6 SIDE EFFECTS OF DRINKING TOO MUCH TEA.
Tea’s introduction to Europe in the 1600s was not without concern about the health claims. There are many surprising health benefits of drinking tea, but certain people should not drink tea because of specific health issues. And everyone should use good judgment in the amount they consume per day.
Following are some scenarios in which tea can be unhealthy and side effects of tea that every tea drinker should be aware of.
1) Drinking too much tea
If three to four cups per day are recommended, that does not mean that ten cups a day would be better. If it is suggested that a black tea be steeped for three minutes, the health benefits do not increase if it is steeped for ten minutes. It may, on the other hand, increase the bitterness.
Learning to control and harness the flavor and the power of the tea is one of the goals of brewing good-tasting and healthful tea.
2) Sensitivity to Caffeine
While most people experience caffeine in a limited amount as invigorating, others with high sensitivity may find the effects unpleasant. Their reactions can range from a case of restlessness and jitters, insomnia, headaches, and irritability to allergic reactions like rashes, generalized itchiness, and itchy mouth.
While the caffeine in tea provides most people with a comfortable, calm state of alertness, it can still be problematic for someone with significant caffeine sensitivity. Anyone suspecting caffeine causing health issues should begin to monitor their consumption of all caffeine.
Abruptly stopping a daily caffeine habit can have unpleasant side effects. For example, if you have been drinking three to four cups of strongly brewed black tea (or coffee or energy drinks) every day for several months and suddenly stop, it may trigger a headache.
3) Iron Absorption
The contraindication about tea and iron has to do with tannins (which are not the same as tannic acid, something else that tea contains).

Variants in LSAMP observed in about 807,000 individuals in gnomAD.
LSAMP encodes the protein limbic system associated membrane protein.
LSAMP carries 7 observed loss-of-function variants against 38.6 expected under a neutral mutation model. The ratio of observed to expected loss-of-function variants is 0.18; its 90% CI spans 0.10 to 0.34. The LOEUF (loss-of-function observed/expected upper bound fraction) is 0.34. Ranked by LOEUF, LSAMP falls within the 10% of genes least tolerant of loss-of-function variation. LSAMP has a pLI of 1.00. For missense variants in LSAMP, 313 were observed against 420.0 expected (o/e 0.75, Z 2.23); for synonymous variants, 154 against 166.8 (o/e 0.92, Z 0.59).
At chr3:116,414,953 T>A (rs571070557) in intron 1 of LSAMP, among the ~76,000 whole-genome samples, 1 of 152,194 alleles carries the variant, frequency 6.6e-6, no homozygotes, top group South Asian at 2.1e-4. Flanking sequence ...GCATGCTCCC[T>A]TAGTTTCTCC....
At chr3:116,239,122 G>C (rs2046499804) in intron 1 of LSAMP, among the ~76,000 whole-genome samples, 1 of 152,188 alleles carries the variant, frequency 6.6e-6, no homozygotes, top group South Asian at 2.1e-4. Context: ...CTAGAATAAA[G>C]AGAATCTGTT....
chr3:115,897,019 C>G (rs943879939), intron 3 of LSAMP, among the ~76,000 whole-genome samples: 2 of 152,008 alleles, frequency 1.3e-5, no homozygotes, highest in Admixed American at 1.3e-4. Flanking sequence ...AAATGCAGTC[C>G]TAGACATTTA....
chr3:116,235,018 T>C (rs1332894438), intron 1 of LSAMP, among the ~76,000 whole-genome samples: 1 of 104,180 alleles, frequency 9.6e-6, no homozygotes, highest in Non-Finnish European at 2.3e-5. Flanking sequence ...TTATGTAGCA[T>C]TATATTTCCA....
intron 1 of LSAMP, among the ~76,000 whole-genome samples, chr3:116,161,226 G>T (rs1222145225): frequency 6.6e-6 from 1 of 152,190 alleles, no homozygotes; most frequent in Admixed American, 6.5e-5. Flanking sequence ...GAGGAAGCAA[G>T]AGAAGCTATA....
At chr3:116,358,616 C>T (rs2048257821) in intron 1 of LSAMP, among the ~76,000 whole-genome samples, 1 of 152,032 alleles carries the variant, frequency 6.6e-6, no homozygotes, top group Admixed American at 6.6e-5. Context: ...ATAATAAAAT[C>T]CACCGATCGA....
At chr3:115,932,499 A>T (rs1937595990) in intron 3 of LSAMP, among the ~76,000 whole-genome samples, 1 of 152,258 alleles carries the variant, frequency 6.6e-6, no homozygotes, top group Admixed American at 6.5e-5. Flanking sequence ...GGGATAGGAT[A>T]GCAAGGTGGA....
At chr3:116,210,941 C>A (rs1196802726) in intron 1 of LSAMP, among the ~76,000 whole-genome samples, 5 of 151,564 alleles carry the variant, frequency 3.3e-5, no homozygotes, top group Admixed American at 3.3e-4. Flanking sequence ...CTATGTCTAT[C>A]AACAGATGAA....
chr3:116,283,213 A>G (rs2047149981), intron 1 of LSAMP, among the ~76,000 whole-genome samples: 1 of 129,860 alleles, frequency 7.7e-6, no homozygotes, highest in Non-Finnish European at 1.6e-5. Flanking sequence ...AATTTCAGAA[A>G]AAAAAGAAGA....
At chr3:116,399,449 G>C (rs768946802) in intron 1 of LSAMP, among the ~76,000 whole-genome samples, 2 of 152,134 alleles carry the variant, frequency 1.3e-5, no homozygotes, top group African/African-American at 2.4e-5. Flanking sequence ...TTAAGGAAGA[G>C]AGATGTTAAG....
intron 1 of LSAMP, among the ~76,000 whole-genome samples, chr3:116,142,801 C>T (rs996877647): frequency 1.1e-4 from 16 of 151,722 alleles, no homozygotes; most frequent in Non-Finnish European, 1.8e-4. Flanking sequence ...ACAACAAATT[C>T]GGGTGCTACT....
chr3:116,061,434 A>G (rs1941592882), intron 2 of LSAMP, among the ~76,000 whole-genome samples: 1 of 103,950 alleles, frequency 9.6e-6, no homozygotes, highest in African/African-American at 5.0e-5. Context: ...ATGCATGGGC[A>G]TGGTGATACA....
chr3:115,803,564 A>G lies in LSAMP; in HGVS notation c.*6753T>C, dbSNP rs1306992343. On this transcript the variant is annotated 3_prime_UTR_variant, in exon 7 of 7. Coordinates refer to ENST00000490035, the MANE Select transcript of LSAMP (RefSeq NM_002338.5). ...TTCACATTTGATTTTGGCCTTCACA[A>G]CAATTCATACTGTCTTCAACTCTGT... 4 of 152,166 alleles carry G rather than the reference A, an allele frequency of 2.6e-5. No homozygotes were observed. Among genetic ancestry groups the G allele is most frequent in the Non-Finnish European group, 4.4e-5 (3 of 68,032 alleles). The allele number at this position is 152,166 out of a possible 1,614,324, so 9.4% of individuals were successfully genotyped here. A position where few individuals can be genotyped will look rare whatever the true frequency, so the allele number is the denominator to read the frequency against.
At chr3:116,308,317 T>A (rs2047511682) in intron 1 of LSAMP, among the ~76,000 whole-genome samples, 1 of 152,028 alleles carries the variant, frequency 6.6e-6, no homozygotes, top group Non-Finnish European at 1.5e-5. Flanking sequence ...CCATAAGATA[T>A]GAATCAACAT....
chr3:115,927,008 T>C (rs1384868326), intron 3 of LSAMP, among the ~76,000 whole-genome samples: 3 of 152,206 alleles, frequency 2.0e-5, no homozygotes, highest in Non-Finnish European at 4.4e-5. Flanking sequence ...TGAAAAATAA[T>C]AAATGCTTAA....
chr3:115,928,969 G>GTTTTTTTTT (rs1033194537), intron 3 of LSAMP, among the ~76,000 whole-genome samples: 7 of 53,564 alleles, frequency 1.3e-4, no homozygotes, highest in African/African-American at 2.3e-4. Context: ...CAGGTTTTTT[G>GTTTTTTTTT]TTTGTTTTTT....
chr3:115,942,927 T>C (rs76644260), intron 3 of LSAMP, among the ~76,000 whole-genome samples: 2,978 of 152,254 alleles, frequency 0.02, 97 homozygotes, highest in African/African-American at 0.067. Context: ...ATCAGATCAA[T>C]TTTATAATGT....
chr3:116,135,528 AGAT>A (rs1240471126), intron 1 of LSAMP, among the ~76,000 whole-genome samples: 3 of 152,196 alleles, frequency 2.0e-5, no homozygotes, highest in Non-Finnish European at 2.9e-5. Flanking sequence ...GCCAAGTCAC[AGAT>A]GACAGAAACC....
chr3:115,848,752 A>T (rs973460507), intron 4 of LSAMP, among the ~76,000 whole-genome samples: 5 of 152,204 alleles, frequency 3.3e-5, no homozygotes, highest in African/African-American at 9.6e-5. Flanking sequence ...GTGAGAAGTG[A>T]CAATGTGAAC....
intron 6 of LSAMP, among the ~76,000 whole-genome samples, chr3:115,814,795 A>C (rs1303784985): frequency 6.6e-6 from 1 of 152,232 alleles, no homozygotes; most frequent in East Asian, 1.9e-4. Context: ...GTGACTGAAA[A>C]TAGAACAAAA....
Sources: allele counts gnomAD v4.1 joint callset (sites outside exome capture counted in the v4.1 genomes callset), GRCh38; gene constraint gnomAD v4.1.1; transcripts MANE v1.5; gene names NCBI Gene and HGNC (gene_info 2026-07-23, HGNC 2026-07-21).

Black tea contains the most tannins of the tea categories and can interfere with the body’s ability to absorb protein from meat sources if they are consumed at the same time. Drinking tea with lower tannins, like green tea, is one choice. Another option is to enjoy tea between meals, not directly before, during, or after eating a meal.
Although some studies have indicated that consuming large amounts of tea may interfere with iron absorption. It should be said that there have not been enough studies of the interactions between tea tannins and iron absorption to be conclusive.
4) Heart Disease
Symptoms that may indicate heart diseases such as high blood pressure and irregular or rapid heart rate could also indicate that you should be mindful about tea (and all caffeine) consumption.
The strength of brewed tea and the number of cups per day may need to be reduced. While much of the scientific evidence indicates tea drinking can help prevent heart disease, anyone with an active heart condition needs to consider potential reactions of all foods and beverages relative to their medications and treatment.
Two specific concerns for anyone who has suffered a heart attack or stroke are the amount of caffeine consumed, too much of which can elevate blood pressure, and any possible drug interactions with tea.
Even though tea can help keep your breath smelling fresh and your teeth and gums healthier, it is one of several foods that can gradually discolor tooth surfaces, much to the dismay of avid tea drinkers.
Black teas, which are higher in tannins, are more likely than green tea to stain the teeth. Some dental hygienists recommend drinking tea through a straw to avoid staining the teeth, but that would eliminate the warm glow and taste burst from sipping tea from the cup.
Tea drinking has been associated with additional calories in two ways: adding sweeteners to the cup, and sipping tea with decadent desserts. It seems important to mention these unnecessary calories, given the obesity epidemic of the last fifteen years.
Choices of sweeteners for tea might be one easy way to begin an effective health improvement regime.
One thing about brewing your tea is that you select the sweetener, if any, and how much. That opens the door to many choices, some healthier than others. Choices range from processed white sugar and artificial sweeteners to herbal stevia, organic raw sugar, brown sugar, honey, or agave nectar.
Whether you’re watching calories or measuring your blood sugar, the amount of added sugar is one of the factors you control for your health. Developing a preference for lightly sweetened or unsweetened tea could be that healthy option.